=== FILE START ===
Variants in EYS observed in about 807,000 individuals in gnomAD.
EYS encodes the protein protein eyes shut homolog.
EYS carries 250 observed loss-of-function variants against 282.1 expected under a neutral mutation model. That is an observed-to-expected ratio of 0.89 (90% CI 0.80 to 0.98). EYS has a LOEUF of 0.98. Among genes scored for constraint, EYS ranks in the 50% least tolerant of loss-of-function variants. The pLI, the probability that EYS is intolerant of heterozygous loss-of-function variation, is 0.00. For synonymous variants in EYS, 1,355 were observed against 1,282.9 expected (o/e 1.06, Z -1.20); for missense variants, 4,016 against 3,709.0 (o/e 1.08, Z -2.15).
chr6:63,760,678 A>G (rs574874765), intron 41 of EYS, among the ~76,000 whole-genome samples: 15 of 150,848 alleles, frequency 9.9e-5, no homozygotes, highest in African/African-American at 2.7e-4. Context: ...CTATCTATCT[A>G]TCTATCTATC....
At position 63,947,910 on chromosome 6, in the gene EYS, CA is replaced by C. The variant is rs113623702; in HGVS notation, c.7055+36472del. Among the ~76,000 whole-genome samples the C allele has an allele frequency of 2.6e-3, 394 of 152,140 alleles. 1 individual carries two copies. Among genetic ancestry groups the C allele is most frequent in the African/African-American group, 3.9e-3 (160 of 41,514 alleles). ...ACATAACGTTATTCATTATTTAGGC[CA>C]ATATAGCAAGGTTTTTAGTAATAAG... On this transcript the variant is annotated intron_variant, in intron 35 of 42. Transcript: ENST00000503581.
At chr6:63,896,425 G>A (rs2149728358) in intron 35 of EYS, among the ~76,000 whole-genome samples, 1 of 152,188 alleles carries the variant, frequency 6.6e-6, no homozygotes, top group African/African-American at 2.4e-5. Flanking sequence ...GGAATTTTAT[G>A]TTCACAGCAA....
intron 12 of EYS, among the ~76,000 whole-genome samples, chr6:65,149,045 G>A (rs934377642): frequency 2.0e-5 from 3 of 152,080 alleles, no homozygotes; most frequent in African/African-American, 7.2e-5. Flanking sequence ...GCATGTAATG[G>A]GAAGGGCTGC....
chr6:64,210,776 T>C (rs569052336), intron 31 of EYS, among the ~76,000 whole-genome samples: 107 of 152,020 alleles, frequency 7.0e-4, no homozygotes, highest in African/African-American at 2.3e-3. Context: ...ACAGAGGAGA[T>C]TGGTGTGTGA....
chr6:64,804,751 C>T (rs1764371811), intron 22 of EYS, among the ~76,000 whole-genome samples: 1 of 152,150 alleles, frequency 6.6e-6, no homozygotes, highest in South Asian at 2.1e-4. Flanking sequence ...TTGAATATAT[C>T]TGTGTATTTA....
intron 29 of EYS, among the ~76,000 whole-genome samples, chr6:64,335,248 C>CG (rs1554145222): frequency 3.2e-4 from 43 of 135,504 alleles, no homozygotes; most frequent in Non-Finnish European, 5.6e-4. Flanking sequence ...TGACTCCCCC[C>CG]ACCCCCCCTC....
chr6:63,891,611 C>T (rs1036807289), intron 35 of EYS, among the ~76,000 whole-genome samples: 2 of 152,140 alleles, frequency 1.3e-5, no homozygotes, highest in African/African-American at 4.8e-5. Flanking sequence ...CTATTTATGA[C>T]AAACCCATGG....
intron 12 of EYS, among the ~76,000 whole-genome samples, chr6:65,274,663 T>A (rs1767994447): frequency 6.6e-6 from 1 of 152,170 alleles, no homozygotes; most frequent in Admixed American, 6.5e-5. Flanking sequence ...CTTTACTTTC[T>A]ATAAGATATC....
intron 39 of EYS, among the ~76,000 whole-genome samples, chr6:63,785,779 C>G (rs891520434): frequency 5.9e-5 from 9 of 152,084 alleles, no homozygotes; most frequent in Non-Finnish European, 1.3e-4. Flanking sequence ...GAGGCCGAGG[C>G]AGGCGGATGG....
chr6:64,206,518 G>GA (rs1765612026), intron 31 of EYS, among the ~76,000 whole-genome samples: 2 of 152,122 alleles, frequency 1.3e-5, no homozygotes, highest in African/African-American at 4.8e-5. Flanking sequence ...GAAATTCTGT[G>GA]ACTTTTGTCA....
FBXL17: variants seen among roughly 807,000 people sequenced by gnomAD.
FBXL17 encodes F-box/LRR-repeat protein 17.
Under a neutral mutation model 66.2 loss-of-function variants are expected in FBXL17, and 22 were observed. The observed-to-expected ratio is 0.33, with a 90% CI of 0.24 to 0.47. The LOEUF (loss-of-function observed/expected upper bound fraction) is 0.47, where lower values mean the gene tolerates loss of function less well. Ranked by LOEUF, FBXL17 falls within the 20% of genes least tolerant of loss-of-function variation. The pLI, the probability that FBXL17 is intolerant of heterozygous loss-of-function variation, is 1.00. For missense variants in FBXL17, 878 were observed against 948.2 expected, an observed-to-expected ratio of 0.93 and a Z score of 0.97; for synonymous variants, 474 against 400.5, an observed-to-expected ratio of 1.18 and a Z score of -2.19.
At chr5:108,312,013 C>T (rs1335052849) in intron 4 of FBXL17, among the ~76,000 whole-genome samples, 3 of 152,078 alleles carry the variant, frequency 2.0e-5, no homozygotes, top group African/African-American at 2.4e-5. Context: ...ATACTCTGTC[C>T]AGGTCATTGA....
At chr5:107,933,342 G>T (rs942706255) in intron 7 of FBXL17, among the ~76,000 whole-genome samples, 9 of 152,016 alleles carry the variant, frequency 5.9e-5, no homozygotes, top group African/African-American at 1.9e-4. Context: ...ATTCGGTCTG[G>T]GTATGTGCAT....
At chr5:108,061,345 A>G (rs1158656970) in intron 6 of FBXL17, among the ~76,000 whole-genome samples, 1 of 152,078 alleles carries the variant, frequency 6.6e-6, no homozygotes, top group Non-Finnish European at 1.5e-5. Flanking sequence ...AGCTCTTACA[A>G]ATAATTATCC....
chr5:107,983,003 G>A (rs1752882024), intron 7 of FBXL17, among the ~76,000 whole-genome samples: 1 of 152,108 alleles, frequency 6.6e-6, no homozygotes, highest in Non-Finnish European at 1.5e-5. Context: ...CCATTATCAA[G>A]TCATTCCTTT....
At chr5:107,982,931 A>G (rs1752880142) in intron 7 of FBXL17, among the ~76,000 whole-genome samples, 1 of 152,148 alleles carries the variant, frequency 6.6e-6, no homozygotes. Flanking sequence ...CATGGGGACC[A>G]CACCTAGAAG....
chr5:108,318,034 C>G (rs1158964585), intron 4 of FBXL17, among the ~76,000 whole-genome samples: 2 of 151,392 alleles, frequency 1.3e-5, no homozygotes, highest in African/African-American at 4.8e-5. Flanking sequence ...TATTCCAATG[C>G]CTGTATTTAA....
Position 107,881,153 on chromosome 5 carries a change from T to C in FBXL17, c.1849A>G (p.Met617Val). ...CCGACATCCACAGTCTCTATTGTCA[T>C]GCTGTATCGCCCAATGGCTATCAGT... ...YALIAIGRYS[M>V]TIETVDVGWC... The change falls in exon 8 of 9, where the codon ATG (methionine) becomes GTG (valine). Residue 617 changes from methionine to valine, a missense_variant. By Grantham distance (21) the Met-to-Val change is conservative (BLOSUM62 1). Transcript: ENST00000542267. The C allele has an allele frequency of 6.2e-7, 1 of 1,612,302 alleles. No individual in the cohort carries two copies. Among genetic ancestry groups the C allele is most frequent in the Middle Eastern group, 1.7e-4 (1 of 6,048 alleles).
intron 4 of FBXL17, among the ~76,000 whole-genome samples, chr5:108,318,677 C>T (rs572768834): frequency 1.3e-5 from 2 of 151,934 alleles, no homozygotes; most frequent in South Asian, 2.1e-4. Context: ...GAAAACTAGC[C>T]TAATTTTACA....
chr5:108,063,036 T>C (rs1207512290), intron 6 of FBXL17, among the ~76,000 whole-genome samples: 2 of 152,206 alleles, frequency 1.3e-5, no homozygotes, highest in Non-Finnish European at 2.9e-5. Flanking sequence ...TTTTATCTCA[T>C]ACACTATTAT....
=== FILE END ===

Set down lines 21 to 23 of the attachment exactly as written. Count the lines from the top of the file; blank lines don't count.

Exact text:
chr5:107,983,003 G>A (rs1752882024), intron 7 of FBXL17, among the ~76,000 whole-genome samples: 1 of 152,108 alleles, frequency 6.6e-6, no homozygotes, highest in Non-Finnish European at 1.5e-5. Context: ...CCATTATCAA[G>A]TCATTCCTTT....
At chr5:107,982,931 A>G (rs1752880142) in intron 7 of FBXL17, among the ~76,000 whole-genome samples, 1 of 152,148 alleles carries the variant, frequency 6.6e-6, no homozygotes. Flanking sequence ...CATGGGGACC[A>G]CACCTAGAAG....
chr5:108,318,034 C>G (rs1158964585), intron 4 of FBXL17, among the ~76,000 whole-genome samples: 2 of 151,392 alleles, frequency 1.3e-5, no homozygotes, highest in African/African-American at 4.8e-5. Flanking sequence ...TATTCCAATG[C>G]CTGTATTTAA....